It was in this context of shattered hopes that Prof D.L. Sheth and Prof Ramashray Roy at CSDS conceived of the project which was christened by Prof Ramashray as Lokayan (‘a place where people live’ or ‘movement towards the people’). They were kind enough to involve me in the pre-launch discussions in late 1979 and early 1980. Prof Giri Deshingkar and Prof Ashish Nandy also used to take active interest in these discussions. After about four-five months of preparation, the first meeting was held on May 16, 1980 in the CSDS library. I had conducted this meeting which, besides others, was attended by Prof Rajni Kothari, Ela Bhatt on behalf of SEWA, Kishore Saint on behalf of Seva Mandir, Father T.K. John, liberation theologian, and democratic socialist Jesuit Father S. Kappen. At Dhiru Bhai’s insistence Prof Kothari became an active part of Lokayan. It was under their joint leadership that a whole lot of activist-intellectuals became part of the Lokayan community. Among them were Jayant Bandopadhay, Somashekhar Reddy and Vandana Shiva from Bangalore, Manohoran from Tamilnadu, G. Narendranath, Dr Uma Shankari of Andhra Pradesh, Hemant, Nutan and Raghupati from Bihar, Achyut Yagnik and Ashok Chaudhary from Gujarat, Norma Alvares and Claude Alvares from Goa. All of them became part of the Lokayan team. Prof Kothari was the natural leader and public face of Lokayan.

Lokayan was almost like an open space, where change-seekers/doers from diverse backgrounds would come and use each other as sounding boards. This resulted in greater clarity and coherence among these participants. Many a time, on the sidelines new alliances or fora were conceived and launched. This exercise of creating only an intellectual interface acquired such a momentum that instead of an intellectual space, it was perceived as an activist front. This created its own challenges within the CSDS and a five-year project, started in 1980, was wound up in December 1982. The decision to wind up was taken on the sidelines of the PUCL convention in Mumbai in early August 1982 and Lokayan started functioning as an independent activist group with Prof Kothari and Prof D.L. Sheth as co-chairs and Vijay Pratap and Smitu Kothari as co-convenors. I have explained the genesis of Lokayan at length because this at the CSDS was the space where Prof Kothari, the intellectual, was reincarnated as Rajni Kothari, the activist.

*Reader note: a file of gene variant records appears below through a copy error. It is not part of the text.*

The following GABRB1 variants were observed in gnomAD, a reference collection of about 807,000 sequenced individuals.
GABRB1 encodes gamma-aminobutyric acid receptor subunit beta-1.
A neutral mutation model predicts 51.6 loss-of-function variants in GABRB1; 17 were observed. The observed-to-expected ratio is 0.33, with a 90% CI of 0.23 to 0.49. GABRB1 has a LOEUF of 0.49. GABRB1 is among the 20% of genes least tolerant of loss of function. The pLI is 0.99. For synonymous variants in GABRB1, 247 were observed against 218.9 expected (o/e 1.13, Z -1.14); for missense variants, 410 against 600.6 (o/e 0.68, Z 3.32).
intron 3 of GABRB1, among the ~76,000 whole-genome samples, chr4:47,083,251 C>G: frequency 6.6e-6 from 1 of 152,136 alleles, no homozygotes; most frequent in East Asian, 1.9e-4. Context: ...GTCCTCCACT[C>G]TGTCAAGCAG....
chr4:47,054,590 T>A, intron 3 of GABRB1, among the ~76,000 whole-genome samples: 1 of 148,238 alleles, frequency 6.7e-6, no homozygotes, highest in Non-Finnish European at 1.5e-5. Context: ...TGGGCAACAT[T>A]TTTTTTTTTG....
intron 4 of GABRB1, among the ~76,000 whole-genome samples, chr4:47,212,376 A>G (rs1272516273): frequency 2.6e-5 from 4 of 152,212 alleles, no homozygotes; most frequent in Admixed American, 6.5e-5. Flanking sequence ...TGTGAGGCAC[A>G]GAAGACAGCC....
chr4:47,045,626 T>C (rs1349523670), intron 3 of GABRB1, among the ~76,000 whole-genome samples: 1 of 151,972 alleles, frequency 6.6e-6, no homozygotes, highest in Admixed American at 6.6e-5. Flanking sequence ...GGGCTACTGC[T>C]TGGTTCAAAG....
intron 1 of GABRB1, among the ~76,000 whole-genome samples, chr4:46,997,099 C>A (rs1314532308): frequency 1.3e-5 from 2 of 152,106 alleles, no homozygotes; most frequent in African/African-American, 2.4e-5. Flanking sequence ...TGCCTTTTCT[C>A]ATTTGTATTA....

There was no struggle, no space where a basic question of transformative politics was being discussed and someone from Lokayan network was not there. A kind of phenomenal churning among Marxist, Marxist-Leninist/ Maoist/ Charu Majumdarvadi, Sarvodaya, Socialist and even newly born environmentalist groups was taking place all over the country.